In neuroimaging cluster-based inference has generally been found to be more powerful than voxel-wise inference. However standard cluster-based methods assume stationarity (constant smoothness), while under nonstationarity clusters are larger in smooth regions just by chance, making false positive risk spatially variant. Hayasaka et al. proposed a Random Field Theory (RFT) based nonstationarity adjustment for cluster inference and validated the method in terms of controlling the overall family-wise false positive rate. The RFT-based methods, however, have never been directly assessed in terms of homogeneity of local false positive risk. In this work we propose a new cluster size adjustment that accounts for local smoothness, based on local empirical cluster size distributions and a two-pass permutation method. We also propose a new approach to measure homogeneity of local false positive risk, and use this method to compare the RFT-based and our new empirical adjustment methods. We apply these techniques to both cluster-based and a related inference, threshold-free cluster enhancement (TFCE). Using simulated and real data we confirm the expected heterogeneity in false positive risk with unadjusted cluster inference but find that RFT-based adjustment does not fully eliminate heterogeneity; we also observe that our proposed empirical adjustment dramatically increases the homogeneity and TFCE inference is generally quite robust to nonstationarity.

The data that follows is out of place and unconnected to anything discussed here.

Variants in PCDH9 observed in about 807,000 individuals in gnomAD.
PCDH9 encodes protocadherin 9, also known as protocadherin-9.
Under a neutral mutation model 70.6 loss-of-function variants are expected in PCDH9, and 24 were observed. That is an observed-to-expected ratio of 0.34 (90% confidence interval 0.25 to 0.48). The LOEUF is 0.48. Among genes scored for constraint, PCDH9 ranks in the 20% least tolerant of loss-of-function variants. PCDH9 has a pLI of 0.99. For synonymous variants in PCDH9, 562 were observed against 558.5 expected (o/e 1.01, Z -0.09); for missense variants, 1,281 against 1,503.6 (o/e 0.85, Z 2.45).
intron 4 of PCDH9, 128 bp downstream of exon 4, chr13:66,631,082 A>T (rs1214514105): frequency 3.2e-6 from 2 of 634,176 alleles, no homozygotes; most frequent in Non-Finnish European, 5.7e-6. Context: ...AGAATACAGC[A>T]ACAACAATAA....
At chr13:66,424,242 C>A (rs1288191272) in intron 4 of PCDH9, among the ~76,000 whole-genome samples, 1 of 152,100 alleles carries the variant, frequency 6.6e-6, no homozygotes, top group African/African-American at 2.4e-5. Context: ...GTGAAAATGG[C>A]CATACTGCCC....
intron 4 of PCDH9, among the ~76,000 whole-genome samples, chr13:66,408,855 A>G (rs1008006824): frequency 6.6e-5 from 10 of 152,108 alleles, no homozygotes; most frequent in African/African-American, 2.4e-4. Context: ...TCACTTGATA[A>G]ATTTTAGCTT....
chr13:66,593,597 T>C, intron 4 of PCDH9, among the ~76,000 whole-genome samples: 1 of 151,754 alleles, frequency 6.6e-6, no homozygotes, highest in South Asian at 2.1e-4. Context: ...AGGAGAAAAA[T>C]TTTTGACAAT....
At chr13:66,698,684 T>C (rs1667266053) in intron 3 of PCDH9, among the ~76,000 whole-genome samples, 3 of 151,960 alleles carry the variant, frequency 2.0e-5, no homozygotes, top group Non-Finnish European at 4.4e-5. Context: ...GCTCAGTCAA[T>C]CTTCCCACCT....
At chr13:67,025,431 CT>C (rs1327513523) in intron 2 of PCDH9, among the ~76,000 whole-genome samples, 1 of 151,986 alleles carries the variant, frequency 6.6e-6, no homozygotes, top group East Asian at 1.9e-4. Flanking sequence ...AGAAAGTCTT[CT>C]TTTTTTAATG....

Conference paper

Publication Date





992 - 999


Algorithms, Brain, Brain Mapping, Computer Simulation, Data Interpretation, Statistical, Humans, Image Enhancement, Image Interpretation, Computer-Assisted, Magnetic Resonance Imaging, Models, Neurological, Models, Statistical, Reproducibility of Results, Sensitivity and Specificity, Stochastic Processes